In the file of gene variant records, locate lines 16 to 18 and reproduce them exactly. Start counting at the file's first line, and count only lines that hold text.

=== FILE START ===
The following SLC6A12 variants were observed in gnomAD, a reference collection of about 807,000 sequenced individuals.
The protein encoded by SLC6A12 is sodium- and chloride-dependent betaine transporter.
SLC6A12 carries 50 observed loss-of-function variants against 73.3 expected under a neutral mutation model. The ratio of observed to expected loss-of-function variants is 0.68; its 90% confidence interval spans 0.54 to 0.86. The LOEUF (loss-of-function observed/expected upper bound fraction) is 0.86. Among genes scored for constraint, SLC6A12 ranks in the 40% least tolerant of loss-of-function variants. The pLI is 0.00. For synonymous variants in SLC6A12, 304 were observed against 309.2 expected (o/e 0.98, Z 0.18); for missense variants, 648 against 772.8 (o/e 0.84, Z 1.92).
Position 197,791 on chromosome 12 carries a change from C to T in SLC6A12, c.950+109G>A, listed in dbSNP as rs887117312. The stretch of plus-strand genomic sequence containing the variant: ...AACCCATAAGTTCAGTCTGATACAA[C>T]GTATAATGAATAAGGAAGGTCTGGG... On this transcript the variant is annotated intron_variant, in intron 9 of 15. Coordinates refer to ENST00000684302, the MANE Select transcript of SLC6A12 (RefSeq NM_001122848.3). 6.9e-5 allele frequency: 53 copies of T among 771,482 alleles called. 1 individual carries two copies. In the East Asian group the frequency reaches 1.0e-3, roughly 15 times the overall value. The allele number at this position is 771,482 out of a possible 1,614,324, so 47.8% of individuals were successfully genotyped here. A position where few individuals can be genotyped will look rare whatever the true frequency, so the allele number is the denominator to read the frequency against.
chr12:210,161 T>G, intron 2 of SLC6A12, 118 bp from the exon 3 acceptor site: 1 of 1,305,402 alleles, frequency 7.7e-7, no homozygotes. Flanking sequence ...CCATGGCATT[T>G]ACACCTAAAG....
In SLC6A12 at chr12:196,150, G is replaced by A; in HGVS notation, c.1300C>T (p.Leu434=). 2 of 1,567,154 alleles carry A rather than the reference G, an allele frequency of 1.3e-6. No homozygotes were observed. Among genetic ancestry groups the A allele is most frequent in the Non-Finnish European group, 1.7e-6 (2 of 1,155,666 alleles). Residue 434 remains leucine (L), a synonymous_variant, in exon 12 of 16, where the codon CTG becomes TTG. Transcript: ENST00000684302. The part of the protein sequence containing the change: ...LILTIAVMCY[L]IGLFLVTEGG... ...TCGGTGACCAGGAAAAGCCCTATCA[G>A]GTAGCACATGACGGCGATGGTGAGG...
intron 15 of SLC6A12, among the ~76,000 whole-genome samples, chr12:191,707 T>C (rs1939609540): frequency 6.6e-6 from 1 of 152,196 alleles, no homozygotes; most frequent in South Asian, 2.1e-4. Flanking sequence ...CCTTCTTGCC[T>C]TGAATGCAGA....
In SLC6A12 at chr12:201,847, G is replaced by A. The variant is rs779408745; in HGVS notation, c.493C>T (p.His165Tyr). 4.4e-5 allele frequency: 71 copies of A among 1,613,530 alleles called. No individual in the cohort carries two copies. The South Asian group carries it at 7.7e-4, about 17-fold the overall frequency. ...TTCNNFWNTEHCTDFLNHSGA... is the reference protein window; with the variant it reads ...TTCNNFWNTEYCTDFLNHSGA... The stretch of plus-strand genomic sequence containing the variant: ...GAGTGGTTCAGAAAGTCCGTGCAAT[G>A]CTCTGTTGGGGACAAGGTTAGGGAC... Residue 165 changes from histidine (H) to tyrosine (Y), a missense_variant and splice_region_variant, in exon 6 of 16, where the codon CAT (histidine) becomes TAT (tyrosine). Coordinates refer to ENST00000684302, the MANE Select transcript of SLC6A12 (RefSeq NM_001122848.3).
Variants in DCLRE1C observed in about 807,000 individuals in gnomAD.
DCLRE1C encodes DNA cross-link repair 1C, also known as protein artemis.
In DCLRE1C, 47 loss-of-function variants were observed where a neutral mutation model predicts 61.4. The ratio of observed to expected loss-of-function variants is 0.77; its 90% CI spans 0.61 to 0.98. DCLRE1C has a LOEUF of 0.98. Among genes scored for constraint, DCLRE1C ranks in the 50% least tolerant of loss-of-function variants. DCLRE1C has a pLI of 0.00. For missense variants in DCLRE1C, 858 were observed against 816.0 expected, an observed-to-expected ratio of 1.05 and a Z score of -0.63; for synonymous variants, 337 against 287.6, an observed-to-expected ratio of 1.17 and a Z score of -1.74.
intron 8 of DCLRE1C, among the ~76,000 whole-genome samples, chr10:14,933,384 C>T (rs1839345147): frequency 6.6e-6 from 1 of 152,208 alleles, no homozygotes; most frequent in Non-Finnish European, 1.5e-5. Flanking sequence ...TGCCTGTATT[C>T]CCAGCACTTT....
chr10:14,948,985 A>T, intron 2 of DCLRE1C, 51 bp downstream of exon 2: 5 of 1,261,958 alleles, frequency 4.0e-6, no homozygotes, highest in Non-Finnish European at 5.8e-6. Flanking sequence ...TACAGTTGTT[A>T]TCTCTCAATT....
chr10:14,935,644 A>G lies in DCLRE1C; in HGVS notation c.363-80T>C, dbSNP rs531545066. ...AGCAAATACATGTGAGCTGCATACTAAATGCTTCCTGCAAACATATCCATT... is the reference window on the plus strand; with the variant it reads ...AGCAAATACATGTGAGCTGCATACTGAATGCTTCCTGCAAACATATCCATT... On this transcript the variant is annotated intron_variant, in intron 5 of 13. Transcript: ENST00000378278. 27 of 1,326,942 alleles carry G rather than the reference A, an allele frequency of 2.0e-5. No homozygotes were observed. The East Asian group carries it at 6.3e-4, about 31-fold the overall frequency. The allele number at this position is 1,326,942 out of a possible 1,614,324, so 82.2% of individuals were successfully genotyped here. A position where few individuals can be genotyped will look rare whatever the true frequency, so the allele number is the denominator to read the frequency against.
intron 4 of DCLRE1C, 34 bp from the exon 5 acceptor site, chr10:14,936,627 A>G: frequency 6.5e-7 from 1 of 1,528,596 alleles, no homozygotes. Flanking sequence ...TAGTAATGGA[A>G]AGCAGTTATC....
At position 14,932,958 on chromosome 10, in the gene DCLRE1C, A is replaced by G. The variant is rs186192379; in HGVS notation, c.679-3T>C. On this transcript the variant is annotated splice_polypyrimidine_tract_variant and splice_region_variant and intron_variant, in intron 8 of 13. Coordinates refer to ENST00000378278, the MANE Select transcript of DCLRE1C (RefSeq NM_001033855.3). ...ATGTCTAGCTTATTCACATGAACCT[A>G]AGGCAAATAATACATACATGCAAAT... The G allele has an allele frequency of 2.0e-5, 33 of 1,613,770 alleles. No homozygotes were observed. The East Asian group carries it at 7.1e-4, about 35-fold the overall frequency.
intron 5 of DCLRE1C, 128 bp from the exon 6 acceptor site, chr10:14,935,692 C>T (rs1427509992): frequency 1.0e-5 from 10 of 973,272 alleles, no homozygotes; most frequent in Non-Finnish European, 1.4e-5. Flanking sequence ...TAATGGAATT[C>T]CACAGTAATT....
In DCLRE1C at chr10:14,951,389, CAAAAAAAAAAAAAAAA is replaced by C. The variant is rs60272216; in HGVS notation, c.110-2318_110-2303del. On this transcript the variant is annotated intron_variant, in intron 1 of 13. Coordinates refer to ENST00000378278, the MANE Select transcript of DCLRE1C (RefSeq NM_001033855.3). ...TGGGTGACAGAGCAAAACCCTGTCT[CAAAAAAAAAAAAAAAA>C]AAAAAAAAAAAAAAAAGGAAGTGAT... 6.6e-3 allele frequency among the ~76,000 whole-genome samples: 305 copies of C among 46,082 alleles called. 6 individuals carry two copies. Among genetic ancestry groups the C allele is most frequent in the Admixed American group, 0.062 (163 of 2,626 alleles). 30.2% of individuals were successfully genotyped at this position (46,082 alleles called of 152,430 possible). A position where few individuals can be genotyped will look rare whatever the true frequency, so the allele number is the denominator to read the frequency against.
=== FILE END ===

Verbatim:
At position 14,932,958 on chromosome 10, in the gene DCLRE1C, A is replaced by G. The variant is rs186192379; in HGVS notation, c.679-3T>C. On this transcript the variant is annotated splice_polypyrimidine_tract_variant and splice_region_variant and intron_variant, in intron 8 of 13. Coordinates refer to ENST00000378278, the MANE Select transcript of DCLRE1C (RefSeq NM_001033855.3). ...ATGTCTAGCTTATTCACATGAACCT[A>G]AGGCAAATAATACATACATGCAAAT... The G allele has an allele frequency of 2.0e-5, 33 of 1,613,770 alleles. No homozygotes were observed. The East Asian group carries it at 7.1e-4, about 35-fold the overall frequency.
intron 5 of DCLRE1C, 128 bp from the exon 6 acceptor site, chr10:14,935,692 C>T (rs1427509992): frequency 1.0e-5 from 10 of 973,272 alleles, no homozygotes; most frequent in Non-Finnish European, 1.4e-5. Flanking sequence ...TAATGGAATT[C>T]CACAGTAATT....
In DCLRE1C at chr10:14,951,389, CAAAAAAAAAAAAAAAA is replaced by C. The variant is rs60272216; in HGVS notation, c.110-2318_110-2303del. On this transcript the variant is annotated intron_variant, in intron 1 of 13. Coordinates refer to ENST00000378278, the MANE Select transcript of DCLRE1C (RefSeq NM_001033855.3). ...TGGGTGACAGAGCAAAACCCTGTCT[CAAAAAAAAAAAAAAAA>C]AAAAAAAAAAAAAAAAGGAAGTGAT... 6.6e-3 allele frequency among the ~76,000 whole-genome samples: 305 copies of C among 46,082 alleles called. 6 individuals carry two copies. Among genetic ancestry groups the C allele is most frequent in the Admixed American group, 0.062 (163 of 2,626 alleles). 30.2% of individuals were successfully genotyped at this position (46,082 alleles called of 152,430 possible). A position where few individuals can be genotyped will look rare whatever the true frequency, so the allele number is the denominator to read the frequency against.